Surprisingly weak U.S. GDP has silver linings
By Martin Hutchinson
The author is a Reuters Breakingviews columnist. The opinions expressed are his own.
The surprisingly weak U.S. economic output in the fourth quarter contains more than a few silver linings. The nation’s GDP declined at an annualized rate of 0.1 percent, defying expectations of at least 1 percent growth, according to economists polled by Thomson Reuters. Lower government spending accounted for a big slug of the contraction while private consumption and income improved. There’s really little cause for alarm.
Tighter budgets in state capitals and Washington, especially in the Defense Department where outlays fell by $11 billion, excised 1.3 percentage points of growth. So too did inventories, whose growth probably slowed over fears of a looming fiscal crisis. Had both those items been flat, U.S. GDP would have grown at an annualized rate of 2.5 percent instead. Excluding the same factors in the previous quarter would have meant the economy grew by 1.6 percent.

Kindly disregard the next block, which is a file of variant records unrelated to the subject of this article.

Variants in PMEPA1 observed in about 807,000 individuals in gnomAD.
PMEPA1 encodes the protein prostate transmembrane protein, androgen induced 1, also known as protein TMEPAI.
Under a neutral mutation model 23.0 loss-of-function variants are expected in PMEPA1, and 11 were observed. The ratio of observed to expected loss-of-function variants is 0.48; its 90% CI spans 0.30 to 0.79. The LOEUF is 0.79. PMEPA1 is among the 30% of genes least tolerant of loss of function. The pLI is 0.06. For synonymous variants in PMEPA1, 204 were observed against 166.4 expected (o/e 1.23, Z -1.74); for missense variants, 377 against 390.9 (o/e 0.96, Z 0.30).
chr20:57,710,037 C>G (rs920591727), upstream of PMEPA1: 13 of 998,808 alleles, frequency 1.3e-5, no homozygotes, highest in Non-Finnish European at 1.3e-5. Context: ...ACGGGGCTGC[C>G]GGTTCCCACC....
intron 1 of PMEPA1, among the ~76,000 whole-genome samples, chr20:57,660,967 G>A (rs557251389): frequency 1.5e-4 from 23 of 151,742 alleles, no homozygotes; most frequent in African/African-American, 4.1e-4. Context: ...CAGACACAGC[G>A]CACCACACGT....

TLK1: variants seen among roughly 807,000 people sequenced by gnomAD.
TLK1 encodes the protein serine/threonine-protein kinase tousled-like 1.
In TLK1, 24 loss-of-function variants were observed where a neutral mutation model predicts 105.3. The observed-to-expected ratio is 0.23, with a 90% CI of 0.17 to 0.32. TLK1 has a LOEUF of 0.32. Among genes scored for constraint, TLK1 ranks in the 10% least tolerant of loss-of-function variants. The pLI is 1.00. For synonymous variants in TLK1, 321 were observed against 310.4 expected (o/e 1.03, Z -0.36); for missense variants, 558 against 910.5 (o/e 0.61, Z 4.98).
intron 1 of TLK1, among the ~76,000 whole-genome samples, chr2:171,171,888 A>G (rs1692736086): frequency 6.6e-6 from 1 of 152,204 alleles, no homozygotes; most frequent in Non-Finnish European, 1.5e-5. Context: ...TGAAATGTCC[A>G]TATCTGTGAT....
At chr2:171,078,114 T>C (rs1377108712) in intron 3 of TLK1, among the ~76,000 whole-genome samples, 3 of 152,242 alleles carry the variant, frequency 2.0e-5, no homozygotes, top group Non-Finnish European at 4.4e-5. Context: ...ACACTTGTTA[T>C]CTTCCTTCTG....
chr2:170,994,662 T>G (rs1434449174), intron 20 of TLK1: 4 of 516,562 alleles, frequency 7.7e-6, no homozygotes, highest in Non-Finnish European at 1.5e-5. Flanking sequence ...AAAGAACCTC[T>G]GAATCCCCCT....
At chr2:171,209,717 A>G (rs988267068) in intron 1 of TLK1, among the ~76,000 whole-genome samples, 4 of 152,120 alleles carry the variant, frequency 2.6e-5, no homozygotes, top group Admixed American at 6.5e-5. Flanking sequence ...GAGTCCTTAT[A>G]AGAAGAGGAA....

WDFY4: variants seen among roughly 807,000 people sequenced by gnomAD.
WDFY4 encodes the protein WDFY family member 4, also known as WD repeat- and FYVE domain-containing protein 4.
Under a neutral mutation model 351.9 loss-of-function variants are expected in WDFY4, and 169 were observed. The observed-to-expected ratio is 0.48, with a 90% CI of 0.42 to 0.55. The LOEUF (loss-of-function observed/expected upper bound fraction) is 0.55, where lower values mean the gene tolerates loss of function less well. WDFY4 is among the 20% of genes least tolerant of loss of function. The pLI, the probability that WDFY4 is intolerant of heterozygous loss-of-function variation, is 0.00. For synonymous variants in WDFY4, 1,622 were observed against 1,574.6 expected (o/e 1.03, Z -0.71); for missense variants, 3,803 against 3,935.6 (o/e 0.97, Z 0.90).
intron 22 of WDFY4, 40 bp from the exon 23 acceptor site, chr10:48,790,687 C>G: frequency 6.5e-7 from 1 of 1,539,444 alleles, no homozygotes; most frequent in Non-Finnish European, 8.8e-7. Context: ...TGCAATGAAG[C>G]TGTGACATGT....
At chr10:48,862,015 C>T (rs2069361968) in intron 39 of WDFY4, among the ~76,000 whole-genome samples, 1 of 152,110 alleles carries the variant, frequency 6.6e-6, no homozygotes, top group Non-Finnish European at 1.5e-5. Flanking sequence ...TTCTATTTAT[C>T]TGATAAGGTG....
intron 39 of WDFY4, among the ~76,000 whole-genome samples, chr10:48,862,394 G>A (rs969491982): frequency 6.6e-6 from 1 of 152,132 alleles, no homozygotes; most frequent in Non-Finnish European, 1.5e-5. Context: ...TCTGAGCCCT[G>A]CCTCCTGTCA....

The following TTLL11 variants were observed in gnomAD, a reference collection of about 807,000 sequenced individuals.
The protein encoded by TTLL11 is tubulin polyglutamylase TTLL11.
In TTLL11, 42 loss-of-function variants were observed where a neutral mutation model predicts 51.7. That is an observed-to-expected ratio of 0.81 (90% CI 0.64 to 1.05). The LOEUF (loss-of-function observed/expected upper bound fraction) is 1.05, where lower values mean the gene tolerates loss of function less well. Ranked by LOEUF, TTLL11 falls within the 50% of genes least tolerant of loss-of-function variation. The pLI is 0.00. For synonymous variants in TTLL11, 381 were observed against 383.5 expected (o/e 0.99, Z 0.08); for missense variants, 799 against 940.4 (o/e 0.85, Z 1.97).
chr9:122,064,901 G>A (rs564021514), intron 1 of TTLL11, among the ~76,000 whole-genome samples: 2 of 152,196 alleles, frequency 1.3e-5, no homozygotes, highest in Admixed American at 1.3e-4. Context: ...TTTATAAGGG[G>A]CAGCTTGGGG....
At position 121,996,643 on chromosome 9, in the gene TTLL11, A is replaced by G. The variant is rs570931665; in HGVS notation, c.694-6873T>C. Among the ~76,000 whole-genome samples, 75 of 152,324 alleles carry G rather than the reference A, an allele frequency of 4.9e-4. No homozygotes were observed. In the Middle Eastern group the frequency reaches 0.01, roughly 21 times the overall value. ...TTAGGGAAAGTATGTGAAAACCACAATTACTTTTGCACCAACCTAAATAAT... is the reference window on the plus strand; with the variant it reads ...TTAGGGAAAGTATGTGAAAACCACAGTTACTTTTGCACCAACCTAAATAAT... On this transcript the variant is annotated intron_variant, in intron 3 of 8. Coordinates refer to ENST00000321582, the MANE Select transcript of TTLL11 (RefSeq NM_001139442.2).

Consumers, who account for the biggest portion of the country’s economic activity, showed signs of strength, too. Personal consumption increased at a 2.2 percent rate, slightly faster than in the previous quarter. Investment in housing, factories and equipment also rebounded from a slack July-September period to a growth rate of 9.7 percent from October-December. That all squares with the quarter’s relatively robust employment data and suggests a modest U.S. recovery remains on track.
What’s more, real disposable personal income was particularly strong. The annualized increase of 6.8 percent was among the fastest rates of growth since before the crisis struck. By outpacing consumption, it helped elevate the savings rate, to 4.7 percent, even if the sharp end-of-year jump in dividend payouts to get ahead of tax hikes probably will cause this trajectory to reverse in the first three months of 2013.
The headline GDP figure may nevertheless have the power to reinforce the Federal Reserve’s bias toward low rates and $85 billion of monthly bond buying. That would be an unfortunate result given the underlying trends. The decline in public spending is unlikely to remain so sharp. And inventories are bound to start building anew. Most signs still point to at least a stabilizing economy, one that can sustain itself without so much of the central bank’s helping hand.